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It's time for the Wizards to move on from Ernie Grunfeld

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Geoff Burke-USA TODAY Sports

The Wizards' season is cratering and Randy Wittman's seat has never been hotter. Whether he's relieved of his duties this week or this summer, a change is on the horizon. Who coaches the Wizards is also somewhat besidethe point; NBA success is largely about player talent. Just ask Luke Walton.

More important than the Wizards next coach is who is picking the Wizards next coach. I just don't see how Wizards fans can feel the remotest sense of hope with Ernie Grunfeld as General Manager.

The four longest tenured GM's in the NBA are Pat Riley, R.C Buford, Danny Ainge, and Grunfeld. Riley's Heat have won three titles with two other Finals appearances. Since Buford took the helm in San Antonio, the Spurs have won four titles and appeared in another Finals series. Ainge's Celtics have made the Finals twice, winning once. In stark contrast, Grunfeld's Wizards have won just three playoff series since he took control of the team in June of 2003.

During Grunfeld's tenure in DC, there have been 103 50-win seasons by NBA teams (including a few 50-win pace teams during the lockout-shortened 2011-2012 season). The Wizards have zero of those seasons. Grunfeld's Wizards are one of just six franchises without a 50 win season during his tenure. That list will shrink to five this year barring an implosion by the Raptors. The others? Philadelphia, Milwaukee, Brooklyn and Charlotte. Misery loves company.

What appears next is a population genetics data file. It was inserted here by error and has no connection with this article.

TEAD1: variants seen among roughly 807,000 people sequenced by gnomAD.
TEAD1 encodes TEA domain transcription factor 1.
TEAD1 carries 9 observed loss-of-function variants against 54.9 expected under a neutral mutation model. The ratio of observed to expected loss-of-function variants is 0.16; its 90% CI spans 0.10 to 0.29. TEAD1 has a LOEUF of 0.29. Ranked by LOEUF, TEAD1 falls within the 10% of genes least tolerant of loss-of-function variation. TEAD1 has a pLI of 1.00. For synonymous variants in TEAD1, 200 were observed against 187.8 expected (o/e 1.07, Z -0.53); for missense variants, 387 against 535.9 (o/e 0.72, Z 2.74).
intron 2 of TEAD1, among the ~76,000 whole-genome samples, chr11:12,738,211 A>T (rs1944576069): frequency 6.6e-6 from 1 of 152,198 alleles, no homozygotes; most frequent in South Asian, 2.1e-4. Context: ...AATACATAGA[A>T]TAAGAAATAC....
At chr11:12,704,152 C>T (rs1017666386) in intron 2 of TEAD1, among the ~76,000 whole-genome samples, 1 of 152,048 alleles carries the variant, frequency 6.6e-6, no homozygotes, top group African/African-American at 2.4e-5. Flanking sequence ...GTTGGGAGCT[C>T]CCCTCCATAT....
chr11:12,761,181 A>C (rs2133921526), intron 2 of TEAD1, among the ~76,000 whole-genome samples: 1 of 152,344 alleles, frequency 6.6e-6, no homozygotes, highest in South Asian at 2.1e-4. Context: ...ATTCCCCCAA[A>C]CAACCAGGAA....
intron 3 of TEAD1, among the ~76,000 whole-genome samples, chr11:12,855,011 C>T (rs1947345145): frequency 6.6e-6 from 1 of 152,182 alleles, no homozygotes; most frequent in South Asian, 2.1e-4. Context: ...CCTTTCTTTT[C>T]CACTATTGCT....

During the Grunfeld era, the Wizards have a won less than 42 percent of their games, 25th best in the NBA -- ahead of just New York, Sacramento, Philadelphia, Charlotte and Minnesota.

Choose your measure; the Wizards have not performed under Grunfeld, regardless who has owned the team. Grunfeld may be a wonderful human being, but it is long past time for Ted Leonsis to turn the controls of the franchise over to someone else. Like many, I was surprised when Leonsis retained Grunfeld when he bought the team in 2010. But he values stability and continuity and plainly respected Grunfeld and wanted to give him a chance. Fair enough.

But the NBA is a results-oriented business. The incongruity between Grunfeld's longevity and the Wizards' futility is startling. The franchise once again stands at a crossroads. Tough decisions loom, particularly Bradley Beal's impending restricted free agency and how to allocate the team's significant salary cap space. With each mounting loss, it becomes more likely there is going to be a lottery pick to make; the Wizards must nail that pick. And of course, the team will likely make a coaching change they'll need to nail as well.

The parallel to his Capitals cannot be lost on Ted Leonsis. George McPhee was General Manager for 17 years; a year and a half after replacing him with Brian MacLellan, the Caps are having their best season in franchise history and sit atop the NHL standings. Grunfeld has had his fair chance, and then some. For the sake of the Wizards and their long-suffering fan base, it's time for a change.